The chapter in history known as the Baroque lasted about a hundred and fifty years, give or take. Music historians tend to divide the period into the early Baroque (about 1600 to 1650), the middle Baroque (about 1650 to 1700) and the late Baroque (about 1700 to 1750). Now I have to admit that these years are somewhat arbitrary, but at least they’re round figures. Wikipedia differs on this matter and so does one of my favourite reference books but of course, it all depends on what criteria you use. In any case, it’s a bit misleading to state specific years because the Baroque movement gradually crept in over a period of time. The first signs appeared in Italy and the movement gradually spread across Europe. You can find Baroque elements in painting, sculpture, theatre, literature and architecture.
So what was the Baroque? Let’s allow a few generalisations. Baroque painting for example, was characterized by three things: a sense of grandeur, sensuous richness and powerful dramatic content. Baroque architecture used grandiose designs and elaborate detail and was intended to impress. Palaces, such as Prince Eugene’s stately Belvedere palace in Vienna, were invariably built around an imposing entrance with a grand and symmetrical façade of breath-taking opulence.
The three greatest composers of Baroque music were Bach, Handel and Vivaldi and their music reflected some of these characteristics. Contrast and detail were two of the most important elements. Melodies were made increasingly complex with the addition of trills and various other ornaments. Rich and sonorous textures were used and the music was given a sense of urgency through the use of energetic rhythms. It also had to be dramatic. Just think of the electrifying start to Bach’s famous Toccata in D minor for organ.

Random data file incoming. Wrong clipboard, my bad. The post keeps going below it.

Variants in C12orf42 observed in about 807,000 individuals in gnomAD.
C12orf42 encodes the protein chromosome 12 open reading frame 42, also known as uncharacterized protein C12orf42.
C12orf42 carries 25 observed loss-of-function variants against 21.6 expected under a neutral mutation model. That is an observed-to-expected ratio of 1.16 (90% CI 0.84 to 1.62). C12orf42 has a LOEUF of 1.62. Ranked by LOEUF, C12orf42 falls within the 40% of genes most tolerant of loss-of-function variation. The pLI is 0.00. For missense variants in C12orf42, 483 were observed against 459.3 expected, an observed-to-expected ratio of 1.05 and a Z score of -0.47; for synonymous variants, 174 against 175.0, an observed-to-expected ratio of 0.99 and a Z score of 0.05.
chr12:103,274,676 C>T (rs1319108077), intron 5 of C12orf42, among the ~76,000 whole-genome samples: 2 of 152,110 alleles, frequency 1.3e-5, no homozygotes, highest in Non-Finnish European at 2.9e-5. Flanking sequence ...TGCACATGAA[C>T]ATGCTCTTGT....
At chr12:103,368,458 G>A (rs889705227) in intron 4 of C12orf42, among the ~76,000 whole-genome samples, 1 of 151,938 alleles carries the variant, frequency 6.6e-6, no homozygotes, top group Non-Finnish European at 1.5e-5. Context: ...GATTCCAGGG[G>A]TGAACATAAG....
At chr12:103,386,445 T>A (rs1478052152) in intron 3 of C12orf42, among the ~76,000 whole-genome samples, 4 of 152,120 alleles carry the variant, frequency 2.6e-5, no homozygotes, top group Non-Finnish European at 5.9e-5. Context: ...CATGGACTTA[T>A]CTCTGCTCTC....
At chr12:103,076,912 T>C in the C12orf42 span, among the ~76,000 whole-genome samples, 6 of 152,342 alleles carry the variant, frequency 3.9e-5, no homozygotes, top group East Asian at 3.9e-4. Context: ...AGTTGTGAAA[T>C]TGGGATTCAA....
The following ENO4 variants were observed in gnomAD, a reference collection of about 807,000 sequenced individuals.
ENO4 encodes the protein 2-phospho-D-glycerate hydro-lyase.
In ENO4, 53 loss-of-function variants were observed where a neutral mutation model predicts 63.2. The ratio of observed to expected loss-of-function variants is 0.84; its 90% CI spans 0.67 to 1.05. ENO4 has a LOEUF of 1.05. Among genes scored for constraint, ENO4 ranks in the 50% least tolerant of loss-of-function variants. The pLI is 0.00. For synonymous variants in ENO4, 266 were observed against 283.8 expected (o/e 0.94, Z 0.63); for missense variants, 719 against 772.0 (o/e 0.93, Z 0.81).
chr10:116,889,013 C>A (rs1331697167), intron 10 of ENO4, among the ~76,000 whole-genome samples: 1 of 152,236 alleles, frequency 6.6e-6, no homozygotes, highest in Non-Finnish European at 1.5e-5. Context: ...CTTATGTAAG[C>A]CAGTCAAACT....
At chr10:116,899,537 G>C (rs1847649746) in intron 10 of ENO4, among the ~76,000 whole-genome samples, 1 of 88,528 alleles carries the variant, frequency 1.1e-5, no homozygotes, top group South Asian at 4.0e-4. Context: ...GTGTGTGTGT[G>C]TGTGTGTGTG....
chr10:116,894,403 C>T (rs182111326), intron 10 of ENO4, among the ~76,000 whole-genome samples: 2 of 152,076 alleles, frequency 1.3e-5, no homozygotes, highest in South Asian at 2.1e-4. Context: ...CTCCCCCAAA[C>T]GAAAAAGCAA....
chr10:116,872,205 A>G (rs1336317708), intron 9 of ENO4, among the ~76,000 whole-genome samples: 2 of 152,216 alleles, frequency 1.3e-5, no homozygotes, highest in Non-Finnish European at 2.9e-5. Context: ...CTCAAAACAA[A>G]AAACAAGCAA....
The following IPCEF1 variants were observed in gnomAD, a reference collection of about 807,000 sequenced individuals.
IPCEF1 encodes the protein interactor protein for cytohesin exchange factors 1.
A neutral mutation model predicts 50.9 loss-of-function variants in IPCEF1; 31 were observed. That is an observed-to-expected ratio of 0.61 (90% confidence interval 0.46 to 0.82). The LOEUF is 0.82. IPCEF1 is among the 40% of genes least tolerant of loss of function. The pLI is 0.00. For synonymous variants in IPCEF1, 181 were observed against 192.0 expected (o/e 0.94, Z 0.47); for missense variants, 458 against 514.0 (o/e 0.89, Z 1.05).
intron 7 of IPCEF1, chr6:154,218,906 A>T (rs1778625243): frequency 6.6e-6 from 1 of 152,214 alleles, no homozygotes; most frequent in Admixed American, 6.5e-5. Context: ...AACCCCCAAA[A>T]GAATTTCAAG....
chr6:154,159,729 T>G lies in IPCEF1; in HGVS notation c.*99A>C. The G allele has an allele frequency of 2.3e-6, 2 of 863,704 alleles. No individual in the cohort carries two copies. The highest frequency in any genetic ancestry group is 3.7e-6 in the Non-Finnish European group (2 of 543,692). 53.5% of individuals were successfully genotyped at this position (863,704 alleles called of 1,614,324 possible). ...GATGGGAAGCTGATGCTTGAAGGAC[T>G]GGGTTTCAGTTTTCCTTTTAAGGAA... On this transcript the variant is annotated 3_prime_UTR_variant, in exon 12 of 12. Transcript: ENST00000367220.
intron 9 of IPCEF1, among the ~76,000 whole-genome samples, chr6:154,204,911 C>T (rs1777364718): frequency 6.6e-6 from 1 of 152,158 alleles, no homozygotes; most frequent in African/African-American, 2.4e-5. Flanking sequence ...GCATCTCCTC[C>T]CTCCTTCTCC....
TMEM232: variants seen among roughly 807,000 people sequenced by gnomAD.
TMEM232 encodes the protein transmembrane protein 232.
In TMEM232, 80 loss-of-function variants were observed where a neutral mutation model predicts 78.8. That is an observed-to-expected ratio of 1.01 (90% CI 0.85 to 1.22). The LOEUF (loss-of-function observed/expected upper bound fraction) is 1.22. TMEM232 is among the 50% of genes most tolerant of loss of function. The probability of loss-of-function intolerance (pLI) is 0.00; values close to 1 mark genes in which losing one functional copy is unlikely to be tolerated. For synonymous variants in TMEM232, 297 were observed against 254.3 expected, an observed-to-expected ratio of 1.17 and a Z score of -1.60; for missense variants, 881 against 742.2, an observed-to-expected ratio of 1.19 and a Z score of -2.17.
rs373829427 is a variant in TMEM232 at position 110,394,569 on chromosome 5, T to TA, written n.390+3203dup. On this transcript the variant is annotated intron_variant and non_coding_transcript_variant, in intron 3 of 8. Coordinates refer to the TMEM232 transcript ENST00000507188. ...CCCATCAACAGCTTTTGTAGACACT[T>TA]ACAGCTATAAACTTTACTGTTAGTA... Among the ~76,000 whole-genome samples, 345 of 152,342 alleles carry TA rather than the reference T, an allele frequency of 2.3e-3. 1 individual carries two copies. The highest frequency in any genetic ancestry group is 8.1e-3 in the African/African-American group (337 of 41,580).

The violin and trumpet became increasingly popular as solo instruments. Baroque music used the so-called basso continuo, which was an accompaniment improvised by a keyboard instrument over a given bass line and harmonic pattern, supported by a bass instrument, usually the cello. It was used extensively throughout the Baroque because it provided the fundamental rhythm and harmony, thus freeing up the other instruments or voices to weave elaborate contrapuntal patterns.
Here’s a delightful musical treat, despite the fact that it was recorded twenty five years ago in 1991. Handel was rather ahead of his time in that he spent most of his career as a freelance composer – and a successful one too, receiving living expenses from a succession of monarchs.
Samson is a three-act oratorio dating from 1741. The aria Let the bright Seraphim has remained especially popular and appears towards the end of the work. The premiere at Covent Garden in London in 1743 was so successful that a further six performances were hastily arranged.
But just listen to all those hallmarks of the late Baroque! There are bright lively rhythms, a prominent part for the trumpet (in this case the piccolo trumpet) which responds to the singer’s phrases and creates an impression of grandeur and celebration. The soprano sings an elaborate and virtuosic baroque-style melody using melismata – the word used to describe singing a long succession of different notes on a single syllable. There’s a typical contrasting section in the middle of the aria and you can see the continuo harpsichord behind the singer.
When Vivaldi was aged about twenty-six, he began his long association with the Ospedale della Pietà in Venice. In reality, this institution was not a hospital but a home for the illegitimate daughters of Venetian noblemen who discretely helped to provide the necessary funding.
The Pietà had an excellent reputation for music and the students were considered the most accomplished young performers of their time. Because they needed a constant supply of new music, it was expedient that Vivaldi should write it himself. The Gloria was one such work, composed around 1715. There are twelve separate movements, some of them quite short and yet they display all the hallmarks of the late Baroque such as the insistent chugging D’s played at the start and later, the melismatic vocal lines, the surprisingly chromatic harmony, the lively rhythms, contrasting textures, trumpet fanfares and the ever-present continuo played on the organ.
Even more than the four violin concertos known collectively as The Four Seasons, this vibrant music reveals Vivaldi’s extraordinary sense of invention and imagination. If you want to get a real sense of what the late Baroque was all about, you can’t do much better than to listen to this splendid music, especially its triumphant finale.